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Inductive Game Theory: Discrimination and Prejudices

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  • Kaneko, Mamoru
  • Matsui, Akihiko

Abstract

This paper proposes a new theory, which we call inductive game theory. In this theory, the individual player does not have a priori knowledge of the structure of the game that he plays repeatedly. Instead, he accumulates experiences induced by occasional random trials in the repeated play. A stationary state is required to be stable against intentional deviations based on the player's experiences, and then it turns out to be a Nash equilibrium. The main part of the paper is the consideration of possible individual views of the society based on individual experiences. This view is defined to be a model of the society which the player builds from his experiences. Coherency with these experiences and a condition called rationalization are required for a model. As concrete objects of the theory, this paper analyzes the phenomena of discrimination and prejudice. The development of the new theory is undertaken by contrasting its observational and behavioral aspects with mental and judgmental aspects. The relationship between discrimination and prejudice will emerge in this dichotomous consideration. Copyright 1999 by Blackwell Publishing Inc.

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Bibliographic Info

Article provided by Association for Public Economic Theory in its journal Journal of Public Economic Theory.

Volume (Year): 1 (1999)
Issue (Month): 1 ()
Pages: 101-37

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Handle: RePEc:bla:jpbect:v:1:y:1999:i:1:p:101-37

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Cited by:
  1. Kaneko, Mamoru & Mitra, Aniruddha, 2011. "Discrimination in festival games with limited observability and accessibility," Mathematical Social Sciences, Elsevier, vol. 62(1), pages 34-45, July.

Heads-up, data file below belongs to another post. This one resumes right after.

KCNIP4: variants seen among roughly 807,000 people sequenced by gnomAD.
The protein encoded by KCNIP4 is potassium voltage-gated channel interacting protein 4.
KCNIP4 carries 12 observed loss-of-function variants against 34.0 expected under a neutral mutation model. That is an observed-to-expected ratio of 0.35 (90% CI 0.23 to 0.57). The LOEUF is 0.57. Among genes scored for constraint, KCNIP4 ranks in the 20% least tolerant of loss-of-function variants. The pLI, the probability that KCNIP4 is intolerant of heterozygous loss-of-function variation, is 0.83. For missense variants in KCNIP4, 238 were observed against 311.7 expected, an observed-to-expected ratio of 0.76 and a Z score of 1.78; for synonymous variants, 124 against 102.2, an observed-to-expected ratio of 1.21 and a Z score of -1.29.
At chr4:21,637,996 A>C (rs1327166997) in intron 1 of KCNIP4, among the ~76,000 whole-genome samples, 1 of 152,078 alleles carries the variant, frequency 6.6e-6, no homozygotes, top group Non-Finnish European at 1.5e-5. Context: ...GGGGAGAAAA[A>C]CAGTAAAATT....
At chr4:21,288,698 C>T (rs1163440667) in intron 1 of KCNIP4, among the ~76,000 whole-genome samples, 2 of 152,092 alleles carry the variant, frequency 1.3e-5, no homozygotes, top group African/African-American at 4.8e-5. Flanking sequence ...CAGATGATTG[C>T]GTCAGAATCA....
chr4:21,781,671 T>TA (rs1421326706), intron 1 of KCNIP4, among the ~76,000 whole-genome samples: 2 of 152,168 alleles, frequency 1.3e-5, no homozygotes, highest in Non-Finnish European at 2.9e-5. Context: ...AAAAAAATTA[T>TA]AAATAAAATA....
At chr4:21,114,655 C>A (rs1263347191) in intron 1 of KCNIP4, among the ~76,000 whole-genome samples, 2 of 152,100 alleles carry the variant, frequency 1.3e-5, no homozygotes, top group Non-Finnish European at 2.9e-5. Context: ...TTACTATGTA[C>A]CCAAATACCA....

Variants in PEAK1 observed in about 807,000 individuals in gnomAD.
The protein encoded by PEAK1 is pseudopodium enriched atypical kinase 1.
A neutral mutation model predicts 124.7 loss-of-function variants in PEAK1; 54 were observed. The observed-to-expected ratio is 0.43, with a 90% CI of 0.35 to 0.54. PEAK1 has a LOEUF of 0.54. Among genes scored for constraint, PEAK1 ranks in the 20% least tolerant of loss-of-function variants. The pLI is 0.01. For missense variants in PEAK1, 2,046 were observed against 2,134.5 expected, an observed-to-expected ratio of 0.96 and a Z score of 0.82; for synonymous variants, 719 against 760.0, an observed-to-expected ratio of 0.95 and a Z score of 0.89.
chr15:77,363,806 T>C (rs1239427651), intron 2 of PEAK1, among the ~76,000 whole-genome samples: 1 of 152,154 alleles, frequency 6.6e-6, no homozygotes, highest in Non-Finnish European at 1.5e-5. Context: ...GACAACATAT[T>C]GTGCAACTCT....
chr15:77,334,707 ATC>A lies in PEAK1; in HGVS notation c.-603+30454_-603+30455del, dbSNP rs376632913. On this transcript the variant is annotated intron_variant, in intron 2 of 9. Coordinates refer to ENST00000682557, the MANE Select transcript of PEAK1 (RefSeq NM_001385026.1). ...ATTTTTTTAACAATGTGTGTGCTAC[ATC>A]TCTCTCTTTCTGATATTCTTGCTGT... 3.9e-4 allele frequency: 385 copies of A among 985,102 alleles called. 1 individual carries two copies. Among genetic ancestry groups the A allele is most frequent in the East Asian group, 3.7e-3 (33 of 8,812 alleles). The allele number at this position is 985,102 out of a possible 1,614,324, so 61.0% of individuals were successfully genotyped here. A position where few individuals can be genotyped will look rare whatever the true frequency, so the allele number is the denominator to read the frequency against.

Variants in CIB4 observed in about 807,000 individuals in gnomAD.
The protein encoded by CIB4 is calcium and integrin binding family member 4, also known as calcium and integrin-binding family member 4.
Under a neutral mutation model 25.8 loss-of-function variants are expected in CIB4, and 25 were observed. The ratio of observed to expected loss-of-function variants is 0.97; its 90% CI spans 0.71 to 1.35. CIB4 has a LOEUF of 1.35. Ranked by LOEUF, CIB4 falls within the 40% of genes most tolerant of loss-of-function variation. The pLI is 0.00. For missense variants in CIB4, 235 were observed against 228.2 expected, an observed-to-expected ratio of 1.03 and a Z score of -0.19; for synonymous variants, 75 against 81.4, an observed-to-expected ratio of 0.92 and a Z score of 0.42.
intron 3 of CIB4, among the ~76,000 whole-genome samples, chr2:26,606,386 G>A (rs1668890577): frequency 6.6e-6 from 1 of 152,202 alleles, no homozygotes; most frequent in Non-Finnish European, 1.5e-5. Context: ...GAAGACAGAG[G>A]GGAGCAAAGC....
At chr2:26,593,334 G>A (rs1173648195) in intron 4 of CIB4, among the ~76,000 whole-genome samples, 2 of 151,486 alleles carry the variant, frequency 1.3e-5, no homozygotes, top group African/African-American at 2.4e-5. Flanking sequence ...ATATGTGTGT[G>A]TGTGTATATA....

2. Lippert, Steffen & Spagnolo, Giancarlo, 2005. "Networks of Relations and Social Capital," CEPR Discussion Papers 5078, C.E.P.R. Discussion Papers.
  3. Kaneko, M., 1998. "Evolution of Thoughts: Deductive Game Theories in the Inductive Game Situation. Part I," Discussion Paper 1998-59, Tilburg University, Center for Economic Research.
  4. Laruelle, Annick & Iñarra García, María Elena & Zuazo Garín, Peio, 2012. "Games with perceptions," IKERLANAK Ikerlanak;2012-64, Universidad del País Vasco - Departamento de Fundamentos del Análisis Económico I.
  5. Mamoru Kaneko & J. Jude Kline, 2006. "Inductive Game Theory: A Basic Scenario," IEAS Working Paper : academic research 06-A001, Institute of Economics, Academia Sinica, Taipei, Taiwan.
  6. Katz, Kimberly & Matsui, Akihiko, 2004. "When trade requires coordination," Journal of the Japanese and International Economies, Elsevier, vol. 18(3), pages 440-461, September.
  7. Mamoru Kaneko & J. Kline, 2013. "Partial memories, inductively derived views, and their interactions with behavior," Economic Theory, Springer, vol. 53(1), pages 27-59, May.
  8. Mamoru Kaneko, 2013. "Symposium: logic and economics—interactions between subjective thinking and objective worlds," Economic Theory, Springer, vol. 53(1), pages 1-8, May.

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